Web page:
Cover

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pp. 1-1

Title Page, Copyright

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pp. 2-5

Contents

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pp. v-vi

List of Illustrations

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pp. vii-viii

Acknowledgments

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pp. ix-xiv

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Introduction: The Global Aesthetics of Poetic Voice

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pp. 1-32

“Poetry,” the French philosopher Denis Diderot argues, “must have something in it that is barbaric, vast, and wild.”1 His counterparts in Great Britain found such barbaric wildness in oral traditions near and far. Coming from seemingly primitive speakers whose passionate voices were thought to be natural and authentic, folk traditions felt enlivening and even slightly dangerous. Ancient bards...

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1. Thomas Gray, Virtual Authorship, and the Performed Voice

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pp. 33-66

In the middle of a transition toward a fully developed literary marketplace from early modern notions of patronage and coterie circulation, eighteenth- century authors transformed and renegotiated their role in society. While the eighteenth century was not the first historical period to grapple with the effects of print on models of authorship— printing presses had existed in England since 1476— it...

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2. Wales, Public Poetry, and the Politics of Collective Voice

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pp. 67-92

In 1822, hundreds of participants gathered in London for an eisteddfod, the traditional Welsh music festival that had been restarted during the eighteenth century after long neglect.1 The 1822 festival, held in a tavern called Freemason’s Hall, had poetic recitations, competitions among musicians, and medals awarded for the best poems and essays. Participants could listen to Welsh national...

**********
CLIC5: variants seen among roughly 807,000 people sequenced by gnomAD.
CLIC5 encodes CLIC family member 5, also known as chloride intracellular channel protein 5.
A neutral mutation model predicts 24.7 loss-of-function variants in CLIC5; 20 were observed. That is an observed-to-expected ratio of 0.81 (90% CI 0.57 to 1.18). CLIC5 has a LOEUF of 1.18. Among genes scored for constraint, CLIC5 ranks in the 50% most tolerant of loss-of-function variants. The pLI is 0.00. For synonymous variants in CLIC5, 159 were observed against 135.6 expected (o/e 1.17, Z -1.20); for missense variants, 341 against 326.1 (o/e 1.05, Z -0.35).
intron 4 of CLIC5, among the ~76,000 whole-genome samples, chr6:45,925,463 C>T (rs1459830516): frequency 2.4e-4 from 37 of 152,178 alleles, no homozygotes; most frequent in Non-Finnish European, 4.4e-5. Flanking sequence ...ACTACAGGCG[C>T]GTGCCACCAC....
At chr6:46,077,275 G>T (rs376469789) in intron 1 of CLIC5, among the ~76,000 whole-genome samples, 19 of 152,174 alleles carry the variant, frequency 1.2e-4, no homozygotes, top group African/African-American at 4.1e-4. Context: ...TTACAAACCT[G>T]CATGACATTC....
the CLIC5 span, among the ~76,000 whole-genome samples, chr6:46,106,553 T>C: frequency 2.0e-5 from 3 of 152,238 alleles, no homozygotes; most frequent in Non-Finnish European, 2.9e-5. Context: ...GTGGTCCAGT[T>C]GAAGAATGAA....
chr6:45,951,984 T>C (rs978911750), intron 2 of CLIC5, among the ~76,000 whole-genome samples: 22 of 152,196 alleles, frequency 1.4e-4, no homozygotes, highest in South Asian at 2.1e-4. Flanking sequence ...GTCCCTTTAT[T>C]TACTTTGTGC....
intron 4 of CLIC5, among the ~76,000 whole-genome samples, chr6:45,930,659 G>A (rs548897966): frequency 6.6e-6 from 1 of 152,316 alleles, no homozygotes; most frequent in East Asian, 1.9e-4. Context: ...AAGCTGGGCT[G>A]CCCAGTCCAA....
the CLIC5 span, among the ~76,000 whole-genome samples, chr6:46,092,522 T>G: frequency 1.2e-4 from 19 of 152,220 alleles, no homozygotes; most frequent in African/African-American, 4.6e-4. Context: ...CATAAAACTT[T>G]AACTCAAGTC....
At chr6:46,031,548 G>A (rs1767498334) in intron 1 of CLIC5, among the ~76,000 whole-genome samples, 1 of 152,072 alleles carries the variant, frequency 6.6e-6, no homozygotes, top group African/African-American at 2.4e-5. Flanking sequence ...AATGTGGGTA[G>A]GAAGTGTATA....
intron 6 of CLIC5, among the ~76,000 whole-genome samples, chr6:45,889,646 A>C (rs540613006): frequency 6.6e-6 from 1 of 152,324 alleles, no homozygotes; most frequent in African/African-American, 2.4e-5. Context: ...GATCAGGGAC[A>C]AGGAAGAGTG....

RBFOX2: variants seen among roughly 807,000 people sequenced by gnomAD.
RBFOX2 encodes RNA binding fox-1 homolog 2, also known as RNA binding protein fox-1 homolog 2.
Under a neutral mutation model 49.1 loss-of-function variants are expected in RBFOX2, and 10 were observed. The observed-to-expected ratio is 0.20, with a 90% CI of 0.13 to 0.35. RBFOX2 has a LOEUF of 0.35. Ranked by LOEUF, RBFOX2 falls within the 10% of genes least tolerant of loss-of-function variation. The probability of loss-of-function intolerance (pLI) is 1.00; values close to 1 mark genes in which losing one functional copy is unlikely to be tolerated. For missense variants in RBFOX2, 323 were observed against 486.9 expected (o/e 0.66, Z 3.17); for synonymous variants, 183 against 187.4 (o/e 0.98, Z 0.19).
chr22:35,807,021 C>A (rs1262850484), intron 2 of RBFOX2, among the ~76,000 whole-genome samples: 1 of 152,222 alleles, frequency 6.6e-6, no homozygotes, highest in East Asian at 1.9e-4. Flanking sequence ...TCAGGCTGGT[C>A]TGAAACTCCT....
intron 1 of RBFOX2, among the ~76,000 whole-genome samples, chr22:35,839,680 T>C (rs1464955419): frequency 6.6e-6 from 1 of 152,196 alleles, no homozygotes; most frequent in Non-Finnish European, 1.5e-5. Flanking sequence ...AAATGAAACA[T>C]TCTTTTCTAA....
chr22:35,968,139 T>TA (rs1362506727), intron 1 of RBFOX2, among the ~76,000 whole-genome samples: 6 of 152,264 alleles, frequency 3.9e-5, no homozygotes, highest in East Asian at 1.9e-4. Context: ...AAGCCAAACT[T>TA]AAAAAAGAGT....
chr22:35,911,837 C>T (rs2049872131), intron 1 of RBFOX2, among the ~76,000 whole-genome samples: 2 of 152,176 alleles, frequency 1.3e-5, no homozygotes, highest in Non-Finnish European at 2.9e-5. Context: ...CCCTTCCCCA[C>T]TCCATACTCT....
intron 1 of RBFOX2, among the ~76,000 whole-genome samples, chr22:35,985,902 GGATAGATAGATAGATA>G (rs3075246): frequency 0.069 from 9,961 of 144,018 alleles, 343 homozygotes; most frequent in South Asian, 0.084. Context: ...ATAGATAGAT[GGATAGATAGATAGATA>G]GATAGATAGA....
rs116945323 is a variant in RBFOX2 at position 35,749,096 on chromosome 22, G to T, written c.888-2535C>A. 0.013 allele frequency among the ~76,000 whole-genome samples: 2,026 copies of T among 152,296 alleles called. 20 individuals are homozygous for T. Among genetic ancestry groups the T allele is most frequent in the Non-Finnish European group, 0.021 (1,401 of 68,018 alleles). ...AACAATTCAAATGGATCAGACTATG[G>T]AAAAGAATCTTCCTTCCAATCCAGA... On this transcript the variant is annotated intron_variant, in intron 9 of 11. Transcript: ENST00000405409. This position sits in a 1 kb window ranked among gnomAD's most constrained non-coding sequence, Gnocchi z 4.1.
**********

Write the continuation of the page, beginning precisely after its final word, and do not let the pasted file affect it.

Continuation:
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3. Scotland and the Invention of Voice

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pp. 93-119

Perhaps the most controversial English language text of the eighteenth century was James Macpherson’s Fragments of Ancient Poetry, Collected in the Highlands of Scotland, and Translated from the Galic or Erse Language (1760). Replete with warriors and ghosts, desolate landscapes and chivalrous romance, these fragments of poetry were considered by some to be an invaluable cultural artifact...

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4. Impersonating Native Voices in Anglo-Indian Poetry

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pp. 120-155

In addition to hiring tax collectors, surveyors, and merchants, the East India Company— that “great Machine!” of sprawling commerce, as one admirer described it— also employed imaginative authors and scholars, to advance British interests.1 If the conquest of India was a “conquest of knowledge,” as Bernard Cohn suggests, then writers and scholars were as important to it as generals...

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Coda: Reading the Archive of the Inauthentic

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pp. 156-166

Oral traditions and foreign voices from the edges of the British Empire revitalized eighteenth- century English literature as poets experimented with various ways to represent these traditions and voices on the printed page. The techniques they developed were a response to the period’s shifting relationship to cultural media: the positive revaluation of folk traditions as heroic, not vulgar...

Notes

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pp. 167-192

Bibliography

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pp. 193-210

Index

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pp. 211-217